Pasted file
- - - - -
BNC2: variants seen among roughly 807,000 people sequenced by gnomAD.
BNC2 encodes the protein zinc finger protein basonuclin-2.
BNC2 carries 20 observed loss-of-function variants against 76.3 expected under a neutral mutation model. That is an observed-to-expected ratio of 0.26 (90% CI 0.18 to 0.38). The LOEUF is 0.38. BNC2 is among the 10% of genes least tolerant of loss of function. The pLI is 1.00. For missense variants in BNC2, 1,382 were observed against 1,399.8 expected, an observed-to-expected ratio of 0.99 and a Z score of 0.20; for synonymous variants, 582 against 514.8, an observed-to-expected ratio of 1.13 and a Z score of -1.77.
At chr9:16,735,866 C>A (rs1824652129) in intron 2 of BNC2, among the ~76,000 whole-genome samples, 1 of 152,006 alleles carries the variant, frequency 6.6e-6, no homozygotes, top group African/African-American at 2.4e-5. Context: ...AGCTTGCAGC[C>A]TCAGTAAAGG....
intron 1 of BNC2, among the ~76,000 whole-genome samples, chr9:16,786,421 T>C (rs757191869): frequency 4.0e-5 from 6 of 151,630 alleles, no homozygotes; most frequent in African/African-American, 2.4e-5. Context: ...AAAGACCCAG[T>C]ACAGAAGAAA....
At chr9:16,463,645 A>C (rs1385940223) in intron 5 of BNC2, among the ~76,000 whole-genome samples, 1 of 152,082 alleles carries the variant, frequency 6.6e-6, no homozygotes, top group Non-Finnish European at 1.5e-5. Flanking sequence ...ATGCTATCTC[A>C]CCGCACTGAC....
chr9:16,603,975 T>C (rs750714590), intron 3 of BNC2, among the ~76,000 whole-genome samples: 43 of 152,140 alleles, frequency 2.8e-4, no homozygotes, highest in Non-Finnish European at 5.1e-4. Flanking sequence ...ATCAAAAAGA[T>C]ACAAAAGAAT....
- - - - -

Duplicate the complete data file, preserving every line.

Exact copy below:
BNC2: variants seen among roughly 807,000 people sequenced by gnomAD.
BNC2 encodes the protein zinc finger protein basonuclin-2.
BNC2 carries 20 observed loss-of-function variants against 76.3 expected under a neutral mutation model. That is an observed-to-expected ratio of 0.26 (90% CI 0.18 to 0.38). The LOEUF is 0.38. BNC2 is among the 10% of genes least tolerant of loss of function. The pLI is 1.00. For missense variants in BNC2, 1,382 were observed against 1,399.8 expected, an observed-to-expected ratio of 0.99 and a Z score of 0.20; for synonymous variants, 582 against 514.8, an observed-to-expected ratio of 1.13 and a Z score of -1.77.
At chr9:16,735,866 C>A (rs1824652129) in intron 2 of BNC2, among the ~76,000 whole-genome samples, 1 of 152,006 alleles carries the variant, frequency 6.6e-6, no homozygotes, top group African/African-American at 2.4e-5. Context: ...AGCTTGCAGC[C>A]TCAGTAAAGG....
intron 1 of BNC2, among the ~76,000 whole-genome samples, chr9:16,786,421 T>C (rs757191869): frequency 4.0e-5 from 6 of 151,630 alleles, no homozygotes; most frequent in African/African-American, 2.4e-5. Context: ...AAAGACCCAG[T>C]ACAGAAGAAA....
At chr9:16,463,645 A>C (rs1385940223) in intron 5 of BNC2, among the ~76,000 whole-genome samples, 1 of 152,082 alleles carries the variant, frequency 6.6e-6, no homozygotes, top group Non-Finnish European at 1.5e-5. Flanking sequence ...ATGCTATCTC[A>C]CCGCACTGAC....
chr9:16,603,975 T>C (rs750714590), intron 3 of BNC2, among the ~76,000 whole-genome samples: 43 of 152,140 alleles, frequency 2.8e-4, no homozygotes, highest in Non-Finnish European at 5.1e-4. Flanking sequence ...ATCAAAAAGA[T>C]ACAAAAGAAT....